No. 10 plays its part in sparking revival of British craft and design
Downing Street has opened its doors for an eclectic collection from a flourishing sector
By Vanessa Thorpe
Arts and Media Correspondent
Whitehall is leading a campaign to restore the prestige and glamour of one of Britain's oldest creative industries. Following the advocacy of evangelical public figures such as television presenter Kirstie Allsopp, No. 10 has opened its doors to British craft and design in the first exhibition of its kind.
"We have put up a mix of established names, and those who are not, and a mix too between contemporary design and craft," said curator Janice Blackburn this weekend, as a model of No. 10 fashioned from more than 5,000 sugar cubes was installed at the prime minister's official residence.
"Although craft can have a dowdy image, our skills in making things and in design are among the best in the world," Blackburn added.
Works, including one by the renowned architect and designer Ron Arad and another by the recent Central St Martin's graduate Annabel Johnson, dubbed "the next Grayson Perry", as well as Brendan Jamison's Sugar Cube Sculpture, have been selected to represent the 23,000 businesses in the sector that together have an annual income of £457m.
'Number 10' Brendan Jamison's front door (above) made of sugar cubes.
"We are a much more artistic nation than people realise and always have been when it comes to craft," Ed Vaizey, the culture minister, said this weekend. "The current focus on the future of the Wedgwood collection has made us realise that all the more clearly.
"There is no question that contemporary craft and design is doing extremely well in the UK right now. We have some exceptionally talented craftspeople whose work is proving a big hit with collectors. Jonathan Ive, Apple's senior vice-president of industrial design, is a graduate of the Royal College of Art, which shows that the sky is the limit for the next generation of young talent."
Downing Street has a long history of displaying works of art by British artists – Tony Blair welcomed the young stars of BritArt into No 10 in 1997 – alongside more traditional works from the Government Art Collection.
It also has examples of the decorative arts, but these are usually historic rather than contemporary.
Ceramic vessels by Annabel Johnson feature in the Downing St. exhibition.
"Although No 10 has some very good examples of furniture and art on the walls, I did wonder why there was no craft, so I wrote to ask them while Gordon Brown was in office, and then I tried again with the Tories," said Blackburn.
"I just wanted this innovative and imaginative work to be appreciated and seen."
This month the Crafts Council, Creative Scotland, Arts Council of Wales and Craft Northern Ireland released a comprehensive survey of more than 2,000 makers, retailers, educators, writers and curators, which has confirmed the strong position of craft industries. The £457m generated by craft compares well with an income of £512m from London's theatreland, and an income of £316m from music downloads in 2010.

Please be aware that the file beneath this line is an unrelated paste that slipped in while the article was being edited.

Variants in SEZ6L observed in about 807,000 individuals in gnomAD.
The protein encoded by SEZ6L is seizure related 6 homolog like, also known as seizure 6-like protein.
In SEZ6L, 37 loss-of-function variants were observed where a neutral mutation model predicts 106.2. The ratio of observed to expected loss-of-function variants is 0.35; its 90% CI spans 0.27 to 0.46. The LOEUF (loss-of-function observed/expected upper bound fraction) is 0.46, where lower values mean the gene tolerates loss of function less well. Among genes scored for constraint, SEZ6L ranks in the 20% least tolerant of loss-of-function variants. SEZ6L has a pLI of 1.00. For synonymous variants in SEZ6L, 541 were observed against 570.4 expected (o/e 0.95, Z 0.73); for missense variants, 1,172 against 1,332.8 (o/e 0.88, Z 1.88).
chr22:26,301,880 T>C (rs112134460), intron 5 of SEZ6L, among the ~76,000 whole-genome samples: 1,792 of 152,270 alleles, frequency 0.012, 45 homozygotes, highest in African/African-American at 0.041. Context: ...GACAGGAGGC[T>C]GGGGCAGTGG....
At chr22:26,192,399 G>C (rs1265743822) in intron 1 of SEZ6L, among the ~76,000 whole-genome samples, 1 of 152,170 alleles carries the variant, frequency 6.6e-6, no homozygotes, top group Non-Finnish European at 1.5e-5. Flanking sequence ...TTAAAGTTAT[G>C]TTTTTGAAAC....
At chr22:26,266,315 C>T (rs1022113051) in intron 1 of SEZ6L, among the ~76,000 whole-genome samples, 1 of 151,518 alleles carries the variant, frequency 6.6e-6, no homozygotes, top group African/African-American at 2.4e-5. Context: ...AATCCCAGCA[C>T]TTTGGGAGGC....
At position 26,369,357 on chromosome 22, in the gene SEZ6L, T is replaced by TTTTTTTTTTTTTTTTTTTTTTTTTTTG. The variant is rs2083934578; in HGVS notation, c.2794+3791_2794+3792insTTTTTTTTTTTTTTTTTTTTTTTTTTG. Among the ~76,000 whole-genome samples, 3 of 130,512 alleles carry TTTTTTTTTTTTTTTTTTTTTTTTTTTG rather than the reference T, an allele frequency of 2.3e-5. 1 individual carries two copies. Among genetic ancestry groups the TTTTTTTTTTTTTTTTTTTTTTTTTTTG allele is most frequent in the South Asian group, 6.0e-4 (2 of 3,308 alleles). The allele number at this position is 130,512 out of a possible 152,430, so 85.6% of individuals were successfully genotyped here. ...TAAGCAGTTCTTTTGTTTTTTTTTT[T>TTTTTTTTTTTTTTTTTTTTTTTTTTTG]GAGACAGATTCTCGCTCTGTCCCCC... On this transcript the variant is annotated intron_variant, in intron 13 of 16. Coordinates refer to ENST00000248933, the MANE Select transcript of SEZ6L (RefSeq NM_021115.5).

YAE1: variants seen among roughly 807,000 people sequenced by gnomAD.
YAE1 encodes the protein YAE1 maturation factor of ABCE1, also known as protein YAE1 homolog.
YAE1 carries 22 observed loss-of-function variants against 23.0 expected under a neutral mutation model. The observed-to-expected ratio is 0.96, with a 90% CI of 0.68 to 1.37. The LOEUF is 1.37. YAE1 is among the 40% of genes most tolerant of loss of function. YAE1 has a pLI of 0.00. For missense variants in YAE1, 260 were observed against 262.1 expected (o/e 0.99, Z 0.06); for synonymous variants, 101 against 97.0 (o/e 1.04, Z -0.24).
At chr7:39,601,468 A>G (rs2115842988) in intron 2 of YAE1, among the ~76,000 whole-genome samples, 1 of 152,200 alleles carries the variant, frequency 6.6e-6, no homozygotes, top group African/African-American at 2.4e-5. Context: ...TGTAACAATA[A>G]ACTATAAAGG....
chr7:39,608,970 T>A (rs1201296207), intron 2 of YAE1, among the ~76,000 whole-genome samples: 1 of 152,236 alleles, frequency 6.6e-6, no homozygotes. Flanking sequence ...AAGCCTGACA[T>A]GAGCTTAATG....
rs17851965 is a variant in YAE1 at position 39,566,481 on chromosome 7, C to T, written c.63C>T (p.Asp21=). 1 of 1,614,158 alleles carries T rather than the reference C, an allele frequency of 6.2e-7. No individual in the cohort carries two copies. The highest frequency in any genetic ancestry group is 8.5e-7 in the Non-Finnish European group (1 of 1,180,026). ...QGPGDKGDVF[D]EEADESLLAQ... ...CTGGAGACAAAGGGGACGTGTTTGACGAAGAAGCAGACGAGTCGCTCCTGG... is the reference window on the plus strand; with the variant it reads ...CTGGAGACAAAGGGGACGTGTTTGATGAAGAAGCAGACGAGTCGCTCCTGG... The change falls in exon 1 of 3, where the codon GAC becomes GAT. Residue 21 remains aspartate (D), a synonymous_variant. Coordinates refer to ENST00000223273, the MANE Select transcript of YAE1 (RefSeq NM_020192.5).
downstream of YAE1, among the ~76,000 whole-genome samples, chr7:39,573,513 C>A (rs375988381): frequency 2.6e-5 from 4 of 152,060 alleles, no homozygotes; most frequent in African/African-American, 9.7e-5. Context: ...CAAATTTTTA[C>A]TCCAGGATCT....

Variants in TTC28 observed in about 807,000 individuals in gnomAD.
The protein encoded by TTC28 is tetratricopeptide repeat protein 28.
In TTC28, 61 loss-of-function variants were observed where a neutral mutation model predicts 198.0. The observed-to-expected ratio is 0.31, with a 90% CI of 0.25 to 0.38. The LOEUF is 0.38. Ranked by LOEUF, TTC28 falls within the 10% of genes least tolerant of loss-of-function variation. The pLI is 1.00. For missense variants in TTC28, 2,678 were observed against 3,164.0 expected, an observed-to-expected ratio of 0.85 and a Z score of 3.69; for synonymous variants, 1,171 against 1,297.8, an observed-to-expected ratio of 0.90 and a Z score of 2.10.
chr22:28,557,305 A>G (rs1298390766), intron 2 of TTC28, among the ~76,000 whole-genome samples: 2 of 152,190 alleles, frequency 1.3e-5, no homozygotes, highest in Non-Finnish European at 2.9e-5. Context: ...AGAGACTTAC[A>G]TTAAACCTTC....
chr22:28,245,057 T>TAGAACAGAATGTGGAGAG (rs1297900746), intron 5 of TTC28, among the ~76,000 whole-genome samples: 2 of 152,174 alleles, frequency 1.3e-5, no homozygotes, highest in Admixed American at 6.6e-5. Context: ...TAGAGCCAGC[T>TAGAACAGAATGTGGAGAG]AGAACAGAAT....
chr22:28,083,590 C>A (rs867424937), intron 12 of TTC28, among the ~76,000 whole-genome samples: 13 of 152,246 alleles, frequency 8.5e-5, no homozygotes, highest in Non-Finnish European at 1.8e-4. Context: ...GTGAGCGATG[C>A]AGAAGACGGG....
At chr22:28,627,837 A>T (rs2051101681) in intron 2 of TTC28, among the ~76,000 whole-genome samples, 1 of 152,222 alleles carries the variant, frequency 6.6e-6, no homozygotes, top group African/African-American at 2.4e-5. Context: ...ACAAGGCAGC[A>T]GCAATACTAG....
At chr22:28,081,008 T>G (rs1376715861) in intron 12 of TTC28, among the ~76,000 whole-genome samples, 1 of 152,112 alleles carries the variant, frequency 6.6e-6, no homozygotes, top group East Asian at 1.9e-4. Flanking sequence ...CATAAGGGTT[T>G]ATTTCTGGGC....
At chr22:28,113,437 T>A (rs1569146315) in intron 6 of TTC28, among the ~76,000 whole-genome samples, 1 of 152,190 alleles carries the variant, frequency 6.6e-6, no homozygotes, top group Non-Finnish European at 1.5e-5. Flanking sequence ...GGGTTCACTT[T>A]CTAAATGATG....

The combined Gross Value Added of craft – in other words, how much more the raw materials are worth once they are finished products – is £220m. Most of those involved in the craft business in Britain work independently and 69% are women.
The survey revealed a growing involvement with digital technology, with more than half of craft makers using new techniques, machines and gadgets.
Craft in Britain appears to be led by younger "careerists" who are committed to the idea of craft and who start their businesses after finishing a related degree. But there are also "artisans", who are not academically trained but have turned to craft in mid-life, and others who have gone back to a youthful love of craft.
Allsopp's successful Channel 4 television show, Kirstie's Handmade Britain, has highlighted interest, but it also reflected the increasing number of craft-related leisure activities being set up. A popular wave of knitting clubs paved the way for a makeover of the Women's Institutes and the growth of sewing cafes, with "guerrilla" craft nights staged in pubs.
No doubt encouraged by the harsh financial climate and the need to "make do and mend", there has been a startling 500% rise in British sales of sewing machines.
Craft workshops across the country now focus on home decor as well as on gift-making and fashion, prompting the launch of new magazines.
Online craft sites are enjoying a heyday, too, with Etsy, the biggest marketplace for crafting, now boasting 7.2 million members. It has seen its total sales double in the last five years.
THORPE, VANESSA. "No. 10 plays its part in sparking revival
of British craft and design", The Observer,
London, Sunday 26 February 2012, p. 25